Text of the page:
LONDON (Thomson Reuters Foundation) - Britain’s new aid minister met with plenty of advice from humanitarian experts as she begins her new job - don’t get swamped by Brexit, do get to grips with Yemen and stick close to the European Union.
Penny Mordaunt, 44, who has previously held junior ministerial roles, was appointed Secretary of State for International Development on Thursday after the resignation of Priti Patel over undisclosed meetings with Israeli officials.
Mordaunt, a stanch Brexit supporter like her predecessor Patel, is a volunteer reservist for the Royal Navy who has worked in hospitals and orphanages in Romania and last year appeared on the diving reality television gameshow Splash.
Development experts said it was vital that party politicking over Britain’s departure from the EU did not get in the way of Mordaunt’s job - to lead Britain’s work in helping the world’s poorest with a budget of roughly 11 billion pounds ($14.5 billion).
“Don’t play politics with DFID (Britain’s Department For International Development) - (its) work is too important and should be beyond that,” Alex Thier, head of the Overseas Development Institute, said before Mourdant’s appointment.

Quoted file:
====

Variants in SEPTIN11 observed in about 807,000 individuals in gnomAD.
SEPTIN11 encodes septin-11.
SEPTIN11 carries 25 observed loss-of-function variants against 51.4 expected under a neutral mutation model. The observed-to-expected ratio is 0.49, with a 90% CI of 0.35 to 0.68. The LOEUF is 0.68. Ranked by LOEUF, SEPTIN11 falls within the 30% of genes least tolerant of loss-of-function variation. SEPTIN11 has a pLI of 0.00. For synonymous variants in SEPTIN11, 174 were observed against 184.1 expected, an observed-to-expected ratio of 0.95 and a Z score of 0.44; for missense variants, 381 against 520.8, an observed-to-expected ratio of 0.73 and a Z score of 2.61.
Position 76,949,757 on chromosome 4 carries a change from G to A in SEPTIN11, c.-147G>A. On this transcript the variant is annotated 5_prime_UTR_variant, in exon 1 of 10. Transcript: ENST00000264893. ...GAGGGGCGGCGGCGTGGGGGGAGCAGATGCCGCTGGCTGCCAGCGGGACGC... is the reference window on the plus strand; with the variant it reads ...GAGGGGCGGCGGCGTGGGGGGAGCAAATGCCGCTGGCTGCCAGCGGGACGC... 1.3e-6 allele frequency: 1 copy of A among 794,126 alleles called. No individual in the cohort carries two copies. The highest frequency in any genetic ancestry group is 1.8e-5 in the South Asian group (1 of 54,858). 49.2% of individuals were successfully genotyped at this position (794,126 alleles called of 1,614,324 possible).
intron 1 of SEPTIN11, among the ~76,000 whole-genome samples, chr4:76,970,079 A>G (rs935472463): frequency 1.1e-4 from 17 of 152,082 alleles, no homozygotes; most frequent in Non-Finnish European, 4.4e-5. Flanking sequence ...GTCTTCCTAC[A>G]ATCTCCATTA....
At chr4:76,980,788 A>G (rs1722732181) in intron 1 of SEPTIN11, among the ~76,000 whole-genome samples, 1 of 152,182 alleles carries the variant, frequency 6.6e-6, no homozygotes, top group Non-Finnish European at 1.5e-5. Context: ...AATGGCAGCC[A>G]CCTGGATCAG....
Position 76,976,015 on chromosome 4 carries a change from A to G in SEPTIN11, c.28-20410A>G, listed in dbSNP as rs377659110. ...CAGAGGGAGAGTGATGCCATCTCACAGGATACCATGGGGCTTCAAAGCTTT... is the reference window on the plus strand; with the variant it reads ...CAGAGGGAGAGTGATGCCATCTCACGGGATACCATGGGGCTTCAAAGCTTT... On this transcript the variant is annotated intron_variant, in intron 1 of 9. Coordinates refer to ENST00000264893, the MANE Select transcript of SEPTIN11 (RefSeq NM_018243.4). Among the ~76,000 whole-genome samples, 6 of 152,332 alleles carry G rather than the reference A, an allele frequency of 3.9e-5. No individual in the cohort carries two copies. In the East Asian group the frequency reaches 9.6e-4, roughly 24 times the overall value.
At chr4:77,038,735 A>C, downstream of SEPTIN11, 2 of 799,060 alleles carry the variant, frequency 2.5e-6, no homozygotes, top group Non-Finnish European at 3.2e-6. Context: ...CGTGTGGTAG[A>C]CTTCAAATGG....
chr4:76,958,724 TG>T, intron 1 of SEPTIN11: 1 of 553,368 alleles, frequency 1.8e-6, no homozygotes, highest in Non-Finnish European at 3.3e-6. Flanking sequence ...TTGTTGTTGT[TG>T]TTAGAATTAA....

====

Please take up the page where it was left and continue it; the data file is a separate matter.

Although Prime Minister Theresa May and her cabinet are united in their intention to take Britain out of the EU, her ministerial team is seen as a delicate balancing act between members of parliament identified as ‘remainers’ or ‘leavers’.
“Genuine development objectives will take second place, and increasingly so if the Brexit process continues to make so little progress,” Jeff Crisp of the international affairs think tank Chatham House told the Thomson Reuters Foundation by email.
Britain should continue to work closely with the EU post-Brexit, given that a tenth of its aid currently spent in partnership with European nations, development experts said.
Oxfam called for British government policy concerning aid and conflict to be more consistent across various departments.
“DFID is doing what it can to help but the UK is still signing export licenses to allow British arms manufacturers to sell the Saudis the same bombs that are falling on the Yemeni population,” said Katy Chakrabortty, a policy adviser at Oxfam.
The U.N. aid chief Mark Lowcock said on Wednesday that Yemen will face the worst famine in decades following the Saudi-led military coalition’s closure of all border access to the nation.
The plight of refugees worldwide must also be a priority for Mourdant - with about 66 million people forcibly displaced worldwide - Oxfam said.
“Aid can play a massive role in trying to protect these people,” said Chakrabortty.
Reporting by Lee Mannion @leemannion, Editing by Kieran Guilbert, Lyndsay Griffiths; Please credit the Thomson Reuters Foundation, the charitable arm of Thomson Reuters, that covers humanitarian news, women's rights, trafficking, property rights, climate change and resilience. Visit news.trust.org